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Miss McIntosh: To ask the Secretary of State for Foreign and Commonwealth Affairs if she will make a statement on the future of the vetoes held by individual member states over measures proposed in the European Council. 
Chris Huhne: To ask the Secretary of State for Foreign and Commonwealth Affairs how much was spent on information technology (IT) sourced from outside her Department in each of the last five years; who is responsible for such projects in her Department; and what IT (a) expertise and (b) qualifications they possess. 
Some of these contracts run for more than five years. The total includes a £180 million contract with Global Crossing for provision of both voice and data communications for the FCO's Telecommunications Network.
In accordance with the Office of Government Commerce (OGC) best practice, each project has a senior responsible owner at an appropriate level with responsibility for, and knowledge of, the business requirement. Project management is provided internally or sourced externally according to the skills and qualifications required for the scale of project concerned. All IT-enabled projects above the relevant threshold are approved and monitored by the FCO's Investment Committee, and are subject to external validation through the OGC Gateway review process. Both ensure that the project team is adequately staffed and professionally skilled to deliver effectively. To give full details of all staff concerned would incur disproportionate cost.
Dr. Howells: All applications from the UK are rigorously assessed on a case-by-case basis against the Consolidated EU and National Export Licensing Criteria, taking full account of the prevailing circumstances at the time of application. This process includes specific criteria whereby we will not issue a licence where there is a clear risk that the proposed export might be used for internal repression, might aggravate existing tensions or conflict in the country of final destination or that the export may be used aggressively against another country. Details of all export licences approved to Nepal are available in the Quarterly and Annual Reports on Strategic Export
Controls (available on the Foreign and Commonwealth Office website at: http://www.fco.gov.uk/servlet/Front? pagename=OpenMarket/Xcelerate/ShowPage&c= Page &cid=l089131553823), and are subject to detailed retrospective scrutiny by the Quadripartite Committees.
Jeremy Corbyn: To ask the Secretary of State for Foreign and Commonwealth Affairs what monitoring of the ceasefire in Nepal is undertaken by UK representatives; and if she will make a statement. 
Dr. Evan Harris: To ask the Secretary of State for Foreign and Commonwealth Affairs what representations she has received from the US Administration in the last six months regarding UK policy on the transfer of prisoners held by UK forces in (a) Iraq and (b) Afghanistan to the custody of US forces in those countries. 
Dr. Howells: We have received no formal representations in the last six months. But we regularly discuss the range of issues relating to the operational theatres in Iraq and Afghanistan, including detention, with the US.
Mr. Hancock: To ask the Secretary of State for Foreign and Commonwealth Affairs what assessment she has made of reports that the British law firm Denton Wilde Sapte is to prosecute the Ugandan opposition leader Dr. Kizza Besigye for treason in a trial which carries the death penalty; and if she will make a statement.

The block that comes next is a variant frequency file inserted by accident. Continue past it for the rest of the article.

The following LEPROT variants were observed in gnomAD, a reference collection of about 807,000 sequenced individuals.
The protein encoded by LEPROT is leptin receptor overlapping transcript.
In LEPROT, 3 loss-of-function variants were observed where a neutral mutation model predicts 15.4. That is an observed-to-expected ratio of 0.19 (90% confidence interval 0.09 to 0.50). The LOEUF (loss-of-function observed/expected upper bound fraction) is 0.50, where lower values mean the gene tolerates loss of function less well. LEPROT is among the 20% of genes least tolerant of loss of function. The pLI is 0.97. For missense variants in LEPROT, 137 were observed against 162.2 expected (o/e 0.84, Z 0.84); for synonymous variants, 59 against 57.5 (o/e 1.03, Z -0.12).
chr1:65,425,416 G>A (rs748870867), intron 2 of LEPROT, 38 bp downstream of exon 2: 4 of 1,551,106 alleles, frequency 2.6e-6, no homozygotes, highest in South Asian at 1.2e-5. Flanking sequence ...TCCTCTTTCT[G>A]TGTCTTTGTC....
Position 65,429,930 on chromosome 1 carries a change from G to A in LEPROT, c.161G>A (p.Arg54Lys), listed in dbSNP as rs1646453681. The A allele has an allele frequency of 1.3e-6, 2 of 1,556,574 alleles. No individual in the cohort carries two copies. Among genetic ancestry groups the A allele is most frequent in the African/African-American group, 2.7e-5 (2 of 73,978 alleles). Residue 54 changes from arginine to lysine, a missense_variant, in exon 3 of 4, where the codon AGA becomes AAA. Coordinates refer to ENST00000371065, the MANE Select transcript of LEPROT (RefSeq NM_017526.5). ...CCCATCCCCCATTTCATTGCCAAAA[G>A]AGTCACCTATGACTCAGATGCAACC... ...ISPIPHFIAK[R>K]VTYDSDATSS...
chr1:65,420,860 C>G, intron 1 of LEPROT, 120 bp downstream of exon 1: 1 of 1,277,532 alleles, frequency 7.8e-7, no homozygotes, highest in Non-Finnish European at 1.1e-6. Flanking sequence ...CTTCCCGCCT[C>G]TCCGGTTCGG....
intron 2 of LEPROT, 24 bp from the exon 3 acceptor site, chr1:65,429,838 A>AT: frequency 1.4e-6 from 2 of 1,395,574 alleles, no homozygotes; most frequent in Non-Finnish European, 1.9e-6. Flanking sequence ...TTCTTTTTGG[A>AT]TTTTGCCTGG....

Mr. McCartney: We are aware of media reports that a British firm of solicitors may have been approached by the Ugandan public prosecutor to assist in the prosecution of Dr Besigye. This is a matter for the parties concerned.
The prosecution has however given no indication that they will seek the death penalty should Dr. Besigye be convicted. The last occasion on which a capital sentence imposed by the High Court was carried out in Uganda was in 1999. We have repeatedly made clear to the Ugandan Government our opposition to the death penalty and the need for a fair and transparent judicial process.
Mr. McCartney: Uganda faces two main internal challenges: developing and sustaining democratic accountability and good governance, and bringing to an end the long-running conflict in the North. We have a regular dialogue with the Ugandan authorities on both issues and my right hon. Friend the Secretary of
State for International Development discussed them in depth during his visit on 15-16 May. He emphasised that this was a crucial time in Ugandas political development. The re-introduction of a multi-party political system after 25 years was an important achievement: both Government and Opposition must work together to achieve an accountable and transparent political process. He welcomed the Presidents manifesto commitment to tackle corruption and to hold those responsible to account. We welcome commitments by the Government of Uganda to deal with the conflict in the North.
Mr. Amess: To ask the Secretary of State for Foreign and Commonwealth Affairs pursuant to the answer of 16 May 2006, Official Report, columns 905-7W, on UK prisoners abroad, how many UK citizens detained in overseas gaols had a last residential address in (a) Essex and (b) Southend West. 
Dr. Howells: As British nationals detained overseas are not required to inform local consular officials of their last UK residential address, I am unable to provide the information requested by the hon. Member.
Mr. Clifton-Brown: To ask the Secretary of State for Foreign and Commonwealth Affairs if she will take steps to ensure that Arthur Mutambara of the Movement for Democratic Change is released from custody in Zimbabwe or given a fair trial.